Power managed foolishly pretty much leaves you sitting there with your pride (or broken parts) in your hand. Managing the power for your project doesn't just mean building a tough-as-nails engine that will crack the 400-horse mark on a dyno. No, you have to consider that the 400 rampaging horses coming off your engine's flywheel have to be channeled through a transmission, driveshaft, and, ultimately, to the rearend where the power is transferred to the pavement.
When we consider getting that power to the pavement, we think about tires, traction bars, shocks, springs, torque arms, and more. But do we ever consider the differential? We don't give that chunk of steel enough of our time, especially during the planning phase of our projects. The transmission gets pulled for a complete overhaul, the driveshaft gets new U-joints and balancing, but what happens to the rear? The rearend usually only gets our full attention when it breaks, or when we get spanked that first Saturday night at the drag strip because we didn't calculate the proper gear for the power on board. We wind up picking up the rearend pieces because we forget to build for 450 hp.
Our point? You can't get there effectively with a smelly, old, worn-out differential. You have to plan your differential just like you plan the engine, transmission, chassis, and brakes. This means setting aside some of your project building budget, thinking about your overall desires and needs, and picking the proper parts to build a sound and reliable rear that can handle what you've got in mind. Remember, building a rear for your project is different than adding a stereo system or a billet grille--you really don't want to go back and upgrade later.
Spend the money now and build the rear your project will need for now, as well as into the future.
Planning For Power
Your differential build plan needs to begin just like the rest of the car's building and driving plan.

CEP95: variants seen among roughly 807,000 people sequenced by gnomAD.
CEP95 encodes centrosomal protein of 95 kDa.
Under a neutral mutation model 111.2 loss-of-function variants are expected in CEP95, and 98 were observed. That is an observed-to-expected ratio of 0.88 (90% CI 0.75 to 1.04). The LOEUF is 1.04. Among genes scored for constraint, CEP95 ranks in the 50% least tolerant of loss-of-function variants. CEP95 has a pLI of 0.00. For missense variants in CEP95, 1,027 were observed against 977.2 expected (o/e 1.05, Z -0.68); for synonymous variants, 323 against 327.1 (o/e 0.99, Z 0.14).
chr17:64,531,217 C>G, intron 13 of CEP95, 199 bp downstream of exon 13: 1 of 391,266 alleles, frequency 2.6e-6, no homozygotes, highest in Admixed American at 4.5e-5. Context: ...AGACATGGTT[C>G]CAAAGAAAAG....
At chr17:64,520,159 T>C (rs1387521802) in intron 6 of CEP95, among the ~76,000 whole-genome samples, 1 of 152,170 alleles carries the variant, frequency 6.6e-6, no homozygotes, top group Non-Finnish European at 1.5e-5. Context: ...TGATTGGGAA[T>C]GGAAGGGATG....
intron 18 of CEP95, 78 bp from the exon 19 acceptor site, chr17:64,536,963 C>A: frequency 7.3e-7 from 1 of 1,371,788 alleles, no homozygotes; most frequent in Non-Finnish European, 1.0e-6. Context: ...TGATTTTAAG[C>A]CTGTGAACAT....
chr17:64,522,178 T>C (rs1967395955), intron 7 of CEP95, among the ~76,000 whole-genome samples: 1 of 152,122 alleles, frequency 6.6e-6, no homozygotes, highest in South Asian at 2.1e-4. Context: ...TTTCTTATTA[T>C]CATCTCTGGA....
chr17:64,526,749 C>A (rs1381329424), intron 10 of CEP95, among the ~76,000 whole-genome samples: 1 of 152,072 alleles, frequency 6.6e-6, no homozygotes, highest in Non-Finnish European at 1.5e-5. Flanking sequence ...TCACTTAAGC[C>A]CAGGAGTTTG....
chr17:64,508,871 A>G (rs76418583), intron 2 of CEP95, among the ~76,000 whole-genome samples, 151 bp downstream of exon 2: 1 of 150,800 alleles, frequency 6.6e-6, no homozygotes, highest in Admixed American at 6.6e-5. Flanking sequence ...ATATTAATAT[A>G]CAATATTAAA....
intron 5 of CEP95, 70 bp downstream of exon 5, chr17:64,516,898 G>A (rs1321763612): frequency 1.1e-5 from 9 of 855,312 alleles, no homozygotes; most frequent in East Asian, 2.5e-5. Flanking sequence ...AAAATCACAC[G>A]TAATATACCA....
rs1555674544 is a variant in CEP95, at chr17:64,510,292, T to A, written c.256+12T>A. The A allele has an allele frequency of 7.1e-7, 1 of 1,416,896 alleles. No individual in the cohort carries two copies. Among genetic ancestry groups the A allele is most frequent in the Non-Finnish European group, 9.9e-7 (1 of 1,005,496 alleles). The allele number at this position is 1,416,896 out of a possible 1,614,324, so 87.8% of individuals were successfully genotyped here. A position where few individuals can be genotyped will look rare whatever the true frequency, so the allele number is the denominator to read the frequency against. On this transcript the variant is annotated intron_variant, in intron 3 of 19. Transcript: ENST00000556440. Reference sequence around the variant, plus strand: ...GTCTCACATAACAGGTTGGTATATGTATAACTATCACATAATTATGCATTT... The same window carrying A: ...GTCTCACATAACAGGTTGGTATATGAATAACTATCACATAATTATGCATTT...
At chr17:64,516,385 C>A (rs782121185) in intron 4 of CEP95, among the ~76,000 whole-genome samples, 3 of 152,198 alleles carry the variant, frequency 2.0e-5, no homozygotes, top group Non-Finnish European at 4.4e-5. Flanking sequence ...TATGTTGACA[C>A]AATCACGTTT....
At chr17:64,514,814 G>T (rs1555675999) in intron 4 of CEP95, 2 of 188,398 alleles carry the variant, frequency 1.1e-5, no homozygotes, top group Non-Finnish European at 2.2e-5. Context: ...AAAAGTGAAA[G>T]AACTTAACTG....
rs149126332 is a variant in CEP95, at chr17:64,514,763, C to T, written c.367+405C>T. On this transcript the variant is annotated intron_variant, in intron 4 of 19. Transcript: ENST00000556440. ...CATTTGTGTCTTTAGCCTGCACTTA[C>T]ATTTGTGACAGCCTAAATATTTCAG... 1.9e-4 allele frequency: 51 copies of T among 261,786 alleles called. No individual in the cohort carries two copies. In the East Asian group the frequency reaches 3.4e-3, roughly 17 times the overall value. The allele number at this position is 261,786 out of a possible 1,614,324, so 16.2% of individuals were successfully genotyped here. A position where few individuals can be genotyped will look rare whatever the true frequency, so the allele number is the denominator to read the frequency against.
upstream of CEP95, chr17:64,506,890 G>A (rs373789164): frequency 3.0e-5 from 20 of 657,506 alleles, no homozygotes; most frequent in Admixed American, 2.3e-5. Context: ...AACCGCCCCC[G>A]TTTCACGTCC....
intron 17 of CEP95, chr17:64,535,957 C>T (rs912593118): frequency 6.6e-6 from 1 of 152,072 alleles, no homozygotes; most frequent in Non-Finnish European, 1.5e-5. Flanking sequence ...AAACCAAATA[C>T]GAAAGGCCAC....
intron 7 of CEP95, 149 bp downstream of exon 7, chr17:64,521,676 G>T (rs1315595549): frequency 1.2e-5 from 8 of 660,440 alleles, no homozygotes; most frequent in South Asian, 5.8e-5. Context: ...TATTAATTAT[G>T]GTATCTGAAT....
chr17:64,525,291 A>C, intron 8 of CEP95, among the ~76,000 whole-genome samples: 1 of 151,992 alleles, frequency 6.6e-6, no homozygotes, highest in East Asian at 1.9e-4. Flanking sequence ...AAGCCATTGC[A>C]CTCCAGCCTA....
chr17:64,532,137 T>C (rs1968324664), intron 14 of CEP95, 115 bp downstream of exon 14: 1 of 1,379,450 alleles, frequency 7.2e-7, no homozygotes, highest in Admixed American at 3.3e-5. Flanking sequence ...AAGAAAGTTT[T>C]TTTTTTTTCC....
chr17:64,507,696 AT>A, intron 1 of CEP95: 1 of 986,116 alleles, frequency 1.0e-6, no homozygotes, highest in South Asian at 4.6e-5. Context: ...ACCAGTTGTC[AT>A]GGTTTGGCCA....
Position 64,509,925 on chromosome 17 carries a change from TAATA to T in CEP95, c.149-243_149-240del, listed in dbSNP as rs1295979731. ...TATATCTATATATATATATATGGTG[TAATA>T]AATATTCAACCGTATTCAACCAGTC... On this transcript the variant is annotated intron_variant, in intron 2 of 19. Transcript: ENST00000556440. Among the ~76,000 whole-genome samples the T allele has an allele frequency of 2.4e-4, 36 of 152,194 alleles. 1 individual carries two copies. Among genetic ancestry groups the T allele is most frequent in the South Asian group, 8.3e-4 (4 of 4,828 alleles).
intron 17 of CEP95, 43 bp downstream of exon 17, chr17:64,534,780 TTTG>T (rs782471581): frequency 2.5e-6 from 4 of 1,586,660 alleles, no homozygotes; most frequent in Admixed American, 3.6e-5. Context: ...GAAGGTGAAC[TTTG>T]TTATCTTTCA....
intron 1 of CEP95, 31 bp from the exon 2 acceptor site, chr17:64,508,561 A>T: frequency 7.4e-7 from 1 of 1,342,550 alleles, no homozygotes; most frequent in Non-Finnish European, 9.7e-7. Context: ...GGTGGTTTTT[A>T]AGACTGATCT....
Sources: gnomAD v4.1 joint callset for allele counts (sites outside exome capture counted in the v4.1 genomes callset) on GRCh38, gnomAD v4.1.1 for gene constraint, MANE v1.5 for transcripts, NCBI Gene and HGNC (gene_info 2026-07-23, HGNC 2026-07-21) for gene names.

- How do you intend to use the vehicle?
- How much power do you intend for your engine to make?
- Will your transmission have overdrive?
- What's your budget?
- How do you choose a differential, rear axle housing, and all of the components?
Currie Enterprises offers the most extensive line of differentials and rear axles in the world and has been upgrading Ford rears for decades. We're going to focus on what's most popular with Ford buffs: the removable carrier 8- and 9-inch rear axle assemblies available in Fords since 1957.
This is Currie's basic 9-inch carrier based on the C7AW-E Ford casting. Currie throws a little more meat into the places where it counts, such as around the pinion pilot. That makes this stronger than the factory C7AW-E casting. For less money, Currie will sell you the stock C7AW-E gray iron casting for under $100.
Used Currie C7AW-E Casting Price: $79.95
New Currie C7AW-E Casting Price: N/A
Here's the Currie 9-Plus Sportsman...
Here's the Currie 9-Plus Sportsman casting assembled. This is a nice, durable case complete with caps, bolts, billet spanner nuts, and spanner nut retainers. This one takes up to 600 hp.
Currie 9-Plus Sportsman Casting Price: $257.07
Currie's 9-Plus Race Case...
Currie's 9-Plus Race Case casting is cast from 65,000-psi nodular iron. There are two versions sporting different carrier bearing bore sizes (3.062 and 3.250 inches) designed to accommodate 28- and 31-spline, and 35- and 40-spline hubs and axles...
...This guy will take up to...
...This guy will take up to 850 hp.
Currie 9-Plus Race Casting Price: $384.20
PN 4027 (3.062" Carrier Bearing)
PN 4028 (3.250" Carrier Bearing)